Like most Bahamians being locked down, I am really getting my faith and fortitude tested. But we know this is the best thing for us if we are to stop the spread of the coronavirus in The Bahamas.
I decided to keep my sanity by starting a backyard farm. The garden/mini backyard farm now consists of a fairly small vegetable garden, which is almost in full bloom amongst my existing flowering plants. I am pleased to say that within a few short weeks during the curfews and lockdowns, my back and front yard gardens are budding and blooming beautifully alongside my flowering plants.
Thus far, my garden project – which I began at the beginning of the COVID-19 outbreak – is almost in full bloom with tomatoes, cabbages, lettuce, watermelons, pumpkins, okra and peppers, just to name a few of the plants now sprouting and growing nicely throughout my new “food garden”.
I am also putting together a herb garden which will include basil, rosemary, cilantro, mint and thyme, just to name a few. It is quite remarkable that I was blessed with a brand new set of garden tools before The Bahamas was hit by the new coronavirus.
My new hobby at home in many respects makes me reflect on how far we have to go as a nation to become more aware of the lack of food security that we face during this global pandemic. I look forward each day to spending a few hours cultivating my little backyard garden, which I hope will continue to thrive during these trying times across the islands of The Bahamas.
The front yard, which for many years had been the home of my beautiful flowering plants, now shares that space with 20 newly dug holes that now consist of 20 banana and plantain trees. Yes, you read that right: 20 brand new fruit-bearing trees, and with some luck and some good fertilizer, they will flourish in my new food garden.
Most Bahamians will agree that our locally grown bananas taste far superior to the Chiquita bananas that we continue to import, to the detriment to many of our local banana farmers. Our Bahamian bananas may not be as “pretty” as its cousin the Chiquita banana, found in our local food stores, but I think it is about time that all of our local produce be made readily available at all of our grocery stores and that we, as a multi-island nation, support all of our hardworking farmers in The Bahamas. It is essential to our survival as a people and a nation.
I visited the Newman Farm on Cowpen Road last week, once the emergency order was amended to allow farms/nurseries to open for a few hours during the day, as we begin phase one of reopening the economy.
Newman and his wife have just under four acres of land located off Cowpen Road, and have over 1,000 banana and plantain trees on their farm.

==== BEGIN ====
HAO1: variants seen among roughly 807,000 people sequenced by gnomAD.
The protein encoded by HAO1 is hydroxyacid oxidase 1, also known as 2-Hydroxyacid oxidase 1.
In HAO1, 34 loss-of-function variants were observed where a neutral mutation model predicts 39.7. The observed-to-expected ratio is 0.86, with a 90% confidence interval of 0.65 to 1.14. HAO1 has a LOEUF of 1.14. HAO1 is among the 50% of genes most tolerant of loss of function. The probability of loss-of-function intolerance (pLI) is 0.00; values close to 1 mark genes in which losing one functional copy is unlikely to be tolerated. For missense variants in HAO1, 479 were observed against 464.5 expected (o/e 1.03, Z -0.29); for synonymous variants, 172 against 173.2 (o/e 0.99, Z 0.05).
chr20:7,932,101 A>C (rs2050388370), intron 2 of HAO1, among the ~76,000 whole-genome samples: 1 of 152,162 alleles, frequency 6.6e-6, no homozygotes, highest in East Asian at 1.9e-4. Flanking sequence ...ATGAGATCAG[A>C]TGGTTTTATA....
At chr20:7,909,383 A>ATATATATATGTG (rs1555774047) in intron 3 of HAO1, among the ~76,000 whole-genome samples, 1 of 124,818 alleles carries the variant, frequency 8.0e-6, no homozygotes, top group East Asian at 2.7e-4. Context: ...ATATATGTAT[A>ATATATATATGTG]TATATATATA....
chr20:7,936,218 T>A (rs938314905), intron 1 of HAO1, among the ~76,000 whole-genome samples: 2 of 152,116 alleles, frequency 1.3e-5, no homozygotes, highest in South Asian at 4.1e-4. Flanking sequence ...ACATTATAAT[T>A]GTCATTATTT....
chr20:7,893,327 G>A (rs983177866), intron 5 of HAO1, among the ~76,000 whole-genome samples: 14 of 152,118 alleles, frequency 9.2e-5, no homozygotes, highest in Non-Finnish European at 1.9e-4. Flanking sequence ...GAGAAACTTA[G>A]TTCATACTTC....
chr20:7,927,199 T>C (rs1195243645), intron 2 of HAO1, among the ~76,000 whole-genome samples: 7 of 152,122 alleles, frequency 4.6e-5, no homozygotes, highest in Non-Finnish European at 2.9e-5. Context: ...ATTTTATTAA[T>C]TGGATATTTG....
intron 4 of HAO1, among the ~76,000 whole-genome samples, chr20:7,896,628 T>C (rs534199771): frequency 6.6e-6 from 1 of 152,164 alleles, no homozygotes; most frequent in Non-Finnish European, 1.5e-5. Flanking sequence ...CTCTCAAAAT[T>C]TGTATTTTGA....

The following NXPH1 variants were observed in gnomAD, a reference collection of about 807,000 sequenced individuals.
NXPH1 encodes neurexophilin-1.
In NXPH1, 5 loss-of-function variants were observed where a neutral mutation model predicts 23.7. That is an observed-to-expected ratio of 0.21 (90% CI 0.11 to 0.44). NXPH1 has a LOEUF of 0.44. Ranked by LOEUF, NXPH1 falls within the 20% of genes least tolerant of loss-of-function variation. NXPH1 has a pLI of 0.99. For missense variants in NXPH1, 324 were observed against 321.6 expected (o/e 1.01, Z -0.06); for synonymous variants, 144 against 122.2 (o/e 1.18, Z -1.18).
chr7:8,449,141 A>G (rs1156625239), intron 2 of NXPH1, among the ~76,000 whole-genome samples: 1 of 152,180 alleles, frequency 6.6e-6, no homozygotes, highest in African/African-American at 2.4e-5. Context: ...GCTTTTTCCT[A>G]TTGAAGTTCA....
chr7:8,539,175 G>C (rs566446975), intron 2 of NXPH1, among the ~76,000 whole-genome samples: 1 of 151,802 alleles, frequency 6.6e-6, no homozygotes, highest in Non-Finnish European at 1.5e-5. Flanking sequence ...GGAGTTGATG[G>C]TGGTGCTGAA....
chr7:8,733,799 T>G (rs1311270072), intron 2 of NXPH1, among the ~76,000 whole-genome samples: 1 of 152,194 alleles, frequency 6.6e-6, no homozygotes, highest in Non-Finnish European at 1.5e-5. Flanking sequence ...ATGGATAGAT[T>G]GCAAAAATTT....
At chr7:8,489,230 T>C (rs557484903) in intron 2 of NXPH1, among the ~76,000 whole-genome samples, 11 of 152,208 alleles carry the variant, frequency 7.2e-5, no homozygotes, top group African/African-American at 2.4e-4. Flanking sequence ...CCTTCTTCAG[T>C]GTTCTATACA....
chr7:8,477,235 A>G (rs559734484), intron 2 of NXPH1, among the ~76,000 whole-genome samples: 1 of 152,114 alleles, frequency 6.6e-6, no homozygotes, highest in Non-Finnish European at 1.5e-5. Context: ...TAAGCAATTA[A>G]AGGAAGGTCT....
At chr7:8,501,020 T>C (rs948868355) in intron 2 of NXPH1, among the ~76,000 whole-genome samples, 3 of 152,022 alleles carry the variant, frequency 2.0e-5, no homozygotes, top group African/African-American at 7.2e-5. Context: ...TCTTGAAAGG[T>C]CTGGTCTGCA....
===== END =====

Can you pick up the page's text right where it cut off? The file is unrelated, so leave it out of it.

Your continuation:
It was quite a sight to see and behold the countless rows of native Bahamian bananas trees on almost every inch of their property. Newman said that he and his wife have absolutely no problems producing and supplying his produce to his patrons, clients and customers.
During my short visit to his farm, Newman gave me a simple and concise rundown about his business and explained that with the help of a part-time laborer, he manages his small farming enterprise, producing lots of fruit for his customers.
He did point out that it would be a great help if the government provided him a few more acres of land and a bit of fertilizer, which does not seem to be a huge request, especially during these extremely difficult times for many farmers across the Bahamaland. Newman has been extremely successful in growing bananas on his small four acres. I can only imagine what would occur if he and others like him were afforded the land on which to produce locally grown fruits/vegetables. Just imagine how much foreign currency our country could save by buying Bahamian bananas instead of importing from Chiquita!
In addition, if we can plant several hundred acres of Bahamian bananas, we may never have to import the likes of Chiquita to our shores again and if we can do it with bananas, we can certainly do the same with our native pineapples. There is a myth that our islands were the very first to ever grow pineapples and they were shipped to Hawaii. We all know how successful they became due to the export of Bahamian-grown pineapples!
I will admit, I am a novice backyard gardener – a silver lining in many ways due to the global coronavirus pandemic – however, I do believe that as a people we must pay attention to food security and do our part to support our local farmers. In turn, with a little bit of farming “fine-tuning”, we hope that our farmers, in conjunction with our food and grocery stores, work together to showcase local produce in the best possible light and presentation. This would make Bahamian produce more attractive to the eye as we stroll through our locally-owned food and grocery stores. If we all work together and buy local produce, we will all win at the end of the day.
• William Wong is a two-term president of the Bahamas Chamber of Commerce and Employers’ Confederation, two-term president of the Bahamas Real Estate Association and a partner at Darville-Wong Realty. E-mail: email@example.com.